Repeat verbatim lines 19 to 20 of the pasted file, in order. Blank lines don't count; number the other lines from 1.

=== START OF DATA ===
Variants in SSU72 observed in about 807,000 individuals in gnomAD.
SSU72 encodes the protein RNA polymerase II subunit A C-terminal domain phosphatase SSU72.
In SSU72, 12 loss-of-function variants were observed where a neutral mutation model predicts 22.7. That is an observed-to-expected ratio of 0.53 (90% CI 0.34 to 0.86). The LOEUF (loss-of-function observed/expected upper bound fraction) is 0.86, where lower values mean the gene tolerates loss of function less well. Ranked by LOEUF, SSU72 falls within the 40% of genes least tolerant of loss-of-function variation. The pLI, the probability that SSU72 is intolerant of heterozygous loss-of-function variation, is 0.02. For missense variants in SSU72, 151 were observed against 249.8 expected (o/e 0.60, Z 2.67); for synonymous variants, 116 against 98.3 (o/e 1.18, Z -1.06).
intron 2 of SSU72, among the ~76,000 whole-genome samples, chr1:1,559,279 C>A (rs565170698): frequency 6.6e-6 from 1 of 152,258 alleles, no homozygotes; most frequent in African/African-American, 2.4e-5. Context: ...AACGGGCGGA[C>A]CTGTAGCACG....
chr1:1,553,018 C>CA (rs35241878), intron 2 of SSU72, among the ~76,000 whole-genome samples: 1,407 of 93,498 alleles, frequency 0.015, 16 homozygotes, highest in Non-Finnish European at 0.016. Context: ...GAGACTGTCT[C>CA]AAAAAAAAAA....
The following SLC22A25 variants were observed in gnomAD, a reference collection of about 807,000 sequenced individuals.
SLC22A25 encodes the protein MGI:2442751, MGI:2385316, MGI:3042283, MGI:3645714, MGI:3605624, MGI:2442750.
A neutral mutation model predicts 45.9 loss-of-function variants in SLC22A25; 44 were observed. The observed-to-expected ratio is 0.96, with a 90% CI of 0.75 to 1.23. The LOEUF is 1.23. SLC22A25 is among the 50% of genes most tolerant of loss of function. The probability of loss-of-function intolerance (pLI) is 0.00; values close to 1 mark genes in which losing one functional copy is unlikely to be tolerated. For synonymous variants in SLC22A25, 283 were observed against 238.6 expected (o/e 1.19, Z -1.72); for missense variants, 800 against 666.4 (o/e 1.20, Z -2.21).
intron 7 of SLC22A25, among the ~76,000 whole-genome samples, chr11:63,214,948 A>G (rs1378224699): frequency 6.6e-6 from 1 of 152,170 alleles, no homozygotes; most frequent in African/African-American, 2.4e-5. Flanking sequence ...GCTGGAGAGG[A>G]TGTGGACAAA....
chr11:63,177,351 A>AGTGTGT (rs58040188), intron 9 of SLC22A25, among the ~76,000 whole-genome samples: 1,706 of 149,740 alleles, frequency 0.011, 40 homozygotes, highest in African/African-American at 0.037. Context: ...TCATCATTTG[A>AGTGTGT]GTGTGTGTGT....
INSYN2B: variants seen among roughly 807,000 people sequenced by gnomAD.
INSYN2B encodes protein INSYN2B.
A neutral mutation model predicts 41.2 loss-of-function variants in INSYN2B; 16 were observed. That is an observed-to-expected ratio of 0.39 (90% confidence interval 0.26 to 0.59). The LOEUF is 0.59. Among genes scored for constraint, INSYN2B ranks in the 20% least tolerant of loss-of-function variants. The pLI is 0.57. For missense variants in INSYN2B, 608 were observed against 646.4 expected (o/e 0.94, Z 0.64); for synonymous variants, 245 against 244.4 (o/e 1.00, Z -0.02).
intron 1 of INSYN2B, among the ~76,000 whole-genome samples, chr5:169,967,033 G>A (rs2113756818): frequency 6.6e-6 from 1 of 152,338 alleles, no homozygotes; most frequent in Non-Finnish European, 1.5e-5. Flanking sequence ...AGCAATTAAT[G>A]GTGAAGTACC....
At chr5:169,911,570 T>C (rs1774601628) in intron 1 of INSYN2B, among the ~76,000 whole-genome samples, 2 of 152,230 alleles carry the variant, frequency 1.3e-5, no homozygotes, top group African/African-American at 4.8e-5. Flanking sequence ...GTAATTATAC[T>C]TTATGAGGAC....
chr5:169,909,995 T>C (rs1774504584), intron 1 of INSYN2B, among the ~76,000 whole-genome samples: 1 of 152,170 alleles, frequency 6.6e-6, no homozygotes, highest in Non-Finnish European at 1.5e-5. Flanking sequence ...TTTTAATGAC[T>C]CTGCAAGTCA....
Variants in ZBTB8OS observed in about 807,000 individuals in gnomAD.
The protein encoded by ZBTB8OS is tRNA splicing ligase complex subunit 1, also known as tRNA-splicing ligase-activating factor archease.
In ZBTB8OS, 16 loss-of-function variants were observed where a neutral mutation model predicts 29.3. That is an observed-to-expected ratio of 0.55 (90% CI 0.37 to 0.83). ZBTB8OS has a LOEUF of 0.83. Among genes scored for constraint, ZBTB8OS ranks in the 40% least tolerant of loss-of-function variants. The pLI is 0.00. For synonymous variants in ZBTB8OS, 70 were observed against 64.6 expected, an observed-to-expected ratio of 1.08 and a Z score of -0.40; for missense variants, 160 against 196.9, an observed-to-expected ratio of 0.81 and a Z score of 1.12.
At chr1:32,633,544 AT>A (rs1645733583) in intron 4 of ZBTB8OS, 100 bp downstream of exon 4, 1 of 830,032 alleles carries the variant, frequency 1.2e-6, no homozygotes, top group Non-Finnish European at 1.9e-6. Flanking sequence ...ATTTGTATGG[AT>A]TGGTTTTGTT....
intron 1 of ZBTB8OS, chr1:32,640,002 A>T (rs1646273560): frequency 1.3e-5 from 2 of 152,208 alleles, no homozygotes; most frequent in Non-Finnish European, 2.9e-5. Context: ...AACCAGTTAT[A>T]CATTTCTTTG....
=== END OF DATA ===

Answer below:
In ZBTB8OS, 16 loss-of-function variants were observed where a neutral mutation model predicts 29.3. That is an observed-to-expected ratio of 0.55 (90% CI 0.37 to 0.83). ZBTB8OS has a LOEUF of 0.83. Among genes scored for constraint, ZBTB8OS ranks in the 40% least tolerant of loss-of-function variants. The pLI is 0.00. For synonymous variants in ZBTB8OS, 70 were observed against 64.6 expected, an observed-to-expected ratio of 1.08 and a Z score of -0.40; for missense variants, 160 against 196.9, an observed-to-expected ratio of 0.81 and a Z score of 1.12.
At chr1:32,633,544 AT>A (rs1645733583) in intron 4 of ZBTB8OS, 100 bp downstream of exon 4, 1 of 830,032 alleles carries the variant, frequency 1.2e-6, no homozygotes, top group Non-Finnish European at 1.9e-6. Flanking sequence ...ATTTGTATGG[AT>A]TGGTTTTGTT....